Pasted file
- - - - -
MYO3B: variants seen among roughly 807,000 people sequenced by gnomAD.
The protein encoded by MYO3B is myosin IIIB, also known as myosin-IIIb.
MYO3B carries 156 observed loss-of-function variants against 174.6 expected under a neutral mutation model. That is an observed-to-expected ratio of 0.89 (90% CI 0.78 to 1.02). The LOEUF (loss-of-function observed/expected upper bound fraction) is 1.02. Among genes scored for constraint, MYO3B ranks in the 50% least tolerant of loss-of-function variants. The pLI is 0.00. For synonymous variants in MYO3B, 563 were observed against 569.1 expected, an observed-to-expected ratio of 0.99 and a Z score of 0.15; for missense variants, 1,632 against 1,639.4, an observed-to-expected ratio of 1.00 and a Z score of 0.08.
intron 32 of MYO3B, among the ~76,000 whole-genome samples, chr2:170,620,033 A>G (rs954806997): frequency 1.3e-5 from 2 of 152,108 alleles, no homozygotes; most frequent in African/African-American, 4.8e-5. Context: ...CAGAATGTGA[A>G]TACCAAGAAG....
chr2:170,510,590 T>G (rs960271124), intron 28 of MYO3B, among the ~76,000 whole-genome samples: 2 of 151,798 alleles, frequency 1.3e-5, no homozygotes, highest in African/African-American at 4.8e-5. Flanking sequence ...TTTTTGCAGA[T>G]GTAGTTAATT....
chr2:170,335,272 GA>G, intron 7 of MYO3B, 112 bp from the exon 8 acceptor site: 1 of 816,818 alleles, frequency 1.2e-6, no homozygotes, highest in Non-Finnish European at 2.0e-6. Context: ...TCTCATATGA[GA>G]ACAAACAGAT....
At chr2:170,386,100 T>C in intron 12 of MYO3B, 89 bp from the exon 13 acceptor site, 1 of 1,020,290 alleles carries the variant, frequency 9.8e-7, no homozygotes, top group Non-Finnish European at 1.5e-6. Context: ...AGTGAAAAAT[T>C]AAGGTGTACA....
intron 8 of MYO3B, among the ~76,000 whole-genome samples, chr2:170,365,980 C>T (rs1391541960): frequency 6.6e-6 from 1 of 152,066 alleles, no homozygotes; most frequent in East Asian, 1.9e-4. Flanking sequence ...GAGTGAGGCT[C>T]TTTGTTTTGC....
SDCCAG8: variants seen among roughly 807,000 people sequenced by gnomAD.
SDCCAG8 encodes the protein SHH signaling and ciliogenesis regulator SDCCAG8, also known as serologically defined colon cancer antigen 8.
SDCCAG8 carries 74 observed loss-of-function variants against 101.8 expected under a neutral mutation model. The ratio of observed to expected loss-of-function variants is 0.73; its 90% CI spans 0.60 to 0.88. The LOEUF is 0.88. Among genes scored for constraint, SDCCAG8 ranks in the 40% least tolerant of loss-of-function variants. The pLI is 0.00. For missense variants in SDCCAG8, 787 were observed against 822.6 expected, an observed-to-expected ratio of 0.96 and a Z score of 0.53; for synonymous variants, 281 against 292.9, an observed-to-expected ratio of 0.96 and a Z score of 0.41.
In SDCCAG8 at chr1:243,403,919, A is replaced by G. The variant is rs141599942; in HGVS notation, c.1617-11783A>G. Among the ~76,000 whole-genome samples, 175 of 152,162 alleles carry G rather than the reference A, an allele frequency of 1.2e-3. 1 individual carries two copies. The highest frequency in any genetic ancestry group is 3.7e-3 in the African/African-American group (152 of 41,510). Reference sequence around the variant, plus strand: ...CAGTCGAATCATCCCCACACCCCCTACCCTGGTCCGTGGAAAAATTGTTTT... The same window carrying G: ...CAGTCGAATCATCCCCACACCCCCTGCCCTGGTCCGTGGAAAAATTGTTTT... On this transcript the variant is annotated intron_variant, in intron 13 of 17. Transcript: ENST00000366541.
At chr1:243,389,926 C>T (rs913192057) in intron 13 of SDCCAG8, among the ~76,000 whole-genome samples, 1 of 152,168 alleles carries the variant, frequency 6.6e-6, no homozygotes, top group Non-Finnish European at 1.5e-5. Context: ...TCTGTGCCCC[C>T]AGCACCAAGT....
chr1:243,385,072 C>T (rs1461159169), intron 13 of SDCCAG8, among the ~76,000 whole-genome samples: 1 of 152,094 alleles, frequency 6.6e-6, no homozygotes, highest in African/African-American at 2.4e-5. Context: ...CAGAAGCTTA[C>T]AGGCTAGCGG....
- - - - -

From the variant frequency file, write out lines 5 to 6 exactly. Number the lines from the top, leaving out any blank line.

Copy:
chr2:170,510,590 T>G (rs960271124), intron 28 of MYO3B, among the ~76,000 whole-genome samples: 2 of 151,798 alleles, frequency 1.3e-5, no homozygotes, highest in African/African-American at 4.8e-5. Flanking sequence ...TTTTTGCAGA[T>G]GTAGTTAATT....
chr2:170,335,272 GA>G, intron 7 of MYO3B, 112 bp from the exon 8 acceptor site: 1 of 816,818 alleles, frequency 1.2e-6, no homozygotes, highest in Non-Finnish European at 2.0e-6. Context: ...TCTCATATGA[GA>G]ACAAACAGAT....